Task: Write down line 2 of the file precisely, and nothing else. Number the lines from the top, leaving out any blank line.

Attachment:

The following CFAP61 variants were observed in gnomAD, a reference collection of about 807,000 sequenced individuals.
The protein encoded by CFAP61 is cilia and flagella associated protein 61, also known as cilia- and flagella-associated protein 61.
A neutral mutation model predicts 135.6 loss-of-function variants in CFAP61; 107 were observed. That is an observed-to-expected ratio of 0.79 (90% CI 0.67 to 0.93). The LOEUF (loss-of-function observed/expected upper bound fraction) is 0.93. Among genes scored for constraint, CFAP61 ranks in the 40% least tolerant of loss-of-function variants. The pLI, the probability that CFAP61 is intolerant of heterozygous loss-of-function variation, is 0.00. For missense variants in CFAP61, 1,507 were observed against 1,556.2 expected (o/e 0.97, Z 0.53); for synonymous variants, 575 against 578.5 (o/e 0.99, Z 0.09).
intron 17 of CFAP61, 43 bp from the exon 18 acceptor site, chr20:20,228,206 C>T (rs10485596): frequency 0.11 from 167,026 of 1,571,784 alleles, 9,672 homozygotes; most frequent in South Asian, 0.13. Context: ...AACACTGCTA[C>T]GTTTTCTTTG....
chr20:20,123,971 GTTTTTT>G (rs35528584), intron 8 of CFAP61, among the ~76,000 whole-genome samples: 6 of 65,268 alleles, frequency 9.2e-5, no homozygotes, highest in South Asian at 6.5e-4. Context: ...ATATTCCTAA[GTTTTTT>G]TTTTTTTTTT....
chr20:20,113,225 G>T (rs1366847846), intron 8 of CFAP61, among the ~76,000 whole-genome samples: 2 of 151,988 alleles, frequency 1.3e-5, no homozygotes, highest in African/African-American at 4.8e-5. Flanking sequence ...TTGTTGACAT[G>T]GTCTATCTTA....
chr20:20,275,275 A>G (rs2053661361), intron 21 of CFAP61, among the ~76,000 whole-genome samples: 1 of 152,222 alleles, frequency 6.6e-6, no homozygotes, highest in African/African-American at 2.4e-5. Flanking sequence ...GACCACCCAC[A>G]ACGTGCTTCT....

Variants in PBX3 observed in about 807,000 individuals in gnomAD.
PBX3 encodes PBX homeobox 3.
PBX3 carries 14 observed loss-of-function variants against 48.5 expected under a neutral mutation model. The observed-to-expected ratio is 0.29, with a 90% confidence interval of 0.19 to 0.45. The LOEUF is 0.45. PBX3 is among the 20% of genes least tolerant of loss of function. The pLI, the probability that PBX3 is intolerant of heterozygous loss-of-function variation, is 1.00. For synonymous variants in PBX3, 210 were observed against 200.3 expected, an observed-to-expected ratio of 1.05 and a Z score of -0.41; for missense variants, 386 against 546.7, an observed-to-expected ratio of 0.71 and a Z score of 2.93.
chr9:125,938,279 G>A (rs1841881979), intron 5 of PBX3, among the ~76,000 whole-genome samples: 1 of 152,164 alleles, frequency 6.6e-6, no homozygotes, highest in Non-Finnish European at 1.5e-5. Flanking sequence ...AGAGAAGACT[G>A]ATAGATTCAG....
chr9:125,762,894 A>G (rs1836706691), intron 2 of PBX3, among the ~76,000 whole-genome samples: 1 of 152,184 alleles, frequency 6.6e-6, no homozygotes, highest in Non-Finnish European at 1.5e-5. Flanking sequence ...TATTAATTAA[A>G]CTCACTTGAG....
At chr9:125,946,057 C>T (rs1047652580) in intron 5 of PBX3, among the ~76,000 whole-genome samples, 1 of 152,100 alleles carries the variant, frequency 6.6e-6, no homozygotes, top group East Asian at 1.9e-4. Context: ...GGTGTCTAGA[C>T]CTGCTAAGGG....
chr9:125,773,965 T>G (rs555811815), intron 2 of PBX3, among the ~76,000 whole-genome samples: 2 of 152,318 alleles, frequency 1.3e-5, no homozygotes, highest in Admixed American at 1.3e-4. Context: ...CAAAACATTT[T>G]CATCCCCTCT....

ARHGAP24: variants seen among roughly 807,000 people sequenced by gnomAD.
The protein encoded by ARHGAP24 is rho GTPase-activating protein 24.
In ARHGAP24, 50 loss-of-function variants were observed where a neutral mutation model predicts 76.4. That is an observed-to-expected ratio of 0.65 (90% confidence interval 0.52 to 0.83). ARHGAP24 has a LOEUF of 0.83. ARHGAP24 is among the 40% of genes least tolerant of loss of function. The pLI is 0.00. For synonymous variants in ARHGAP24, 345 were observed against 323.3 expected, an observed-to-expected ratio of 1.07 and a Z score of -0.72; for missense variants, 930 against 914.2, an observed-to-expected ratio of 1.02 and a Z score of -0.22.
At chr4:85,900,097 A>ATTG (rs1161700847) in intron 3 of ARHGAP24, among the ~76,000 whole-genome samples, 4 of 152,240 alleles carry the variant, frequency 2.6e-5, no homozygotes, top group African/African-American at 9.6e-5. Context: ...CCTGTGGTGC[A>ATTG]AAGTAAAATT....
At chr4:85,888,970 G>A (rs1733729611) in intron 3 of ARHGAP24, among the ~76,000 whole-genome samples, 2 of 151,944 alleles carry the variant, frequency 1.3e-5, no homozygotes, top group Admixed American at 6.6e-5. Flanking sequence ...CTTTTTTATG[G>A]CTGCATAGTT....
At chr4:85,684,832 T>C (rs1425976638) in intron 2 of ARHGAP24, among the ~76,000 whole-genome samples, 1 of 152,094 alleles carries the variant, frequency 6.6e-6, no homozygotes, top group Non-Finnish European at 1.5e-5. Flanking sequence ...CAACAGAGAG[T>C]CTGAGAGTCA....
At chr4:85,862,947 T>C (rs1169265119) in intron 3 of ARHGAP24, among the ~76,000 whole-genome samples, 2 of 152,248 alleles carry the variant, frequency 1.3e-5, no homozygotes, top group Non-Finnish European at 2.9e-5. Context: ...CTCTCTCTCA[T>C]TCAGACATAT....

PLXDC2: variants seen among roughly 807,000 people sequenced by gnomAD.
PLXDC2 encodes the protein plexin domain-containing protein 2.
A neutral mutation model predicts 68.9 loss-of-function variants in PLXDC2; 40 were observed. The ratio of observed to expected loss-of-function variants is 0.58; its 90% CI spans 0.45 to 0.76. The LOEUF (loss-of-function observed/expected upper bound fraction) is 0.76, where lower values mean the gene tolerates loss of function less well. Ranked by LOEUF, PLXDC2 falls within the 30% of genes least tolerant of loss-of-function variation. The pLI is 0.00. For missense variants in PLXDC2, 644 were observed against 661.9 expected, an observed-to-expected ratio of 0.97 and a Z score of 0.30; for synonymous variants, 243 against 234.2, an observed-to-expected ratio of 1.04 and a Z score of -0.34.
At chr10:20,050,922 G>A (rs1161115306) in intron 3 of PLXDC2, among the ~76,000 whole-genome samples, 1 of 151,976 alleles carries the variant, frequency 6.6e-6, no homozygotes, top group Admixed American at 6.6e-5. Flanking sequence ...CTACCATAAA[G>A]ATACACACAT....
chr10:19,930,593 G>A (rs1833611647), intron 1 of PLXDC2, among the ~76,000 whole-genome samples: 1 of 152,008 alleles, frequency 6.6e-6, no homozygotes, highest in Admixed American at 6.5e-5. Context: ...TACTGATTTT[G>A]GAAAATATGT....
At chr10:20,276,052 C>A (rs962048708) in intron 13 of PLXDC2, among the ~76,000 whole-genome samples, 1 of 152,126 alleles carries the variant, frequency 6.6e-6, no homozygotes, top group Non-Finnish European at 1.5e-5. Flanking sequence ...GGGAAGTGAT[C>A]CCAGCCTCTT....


The protein encoded by CFAP61 is cilia and flagella associated protein 61, also known as cilia- and flagella-associated protein 61.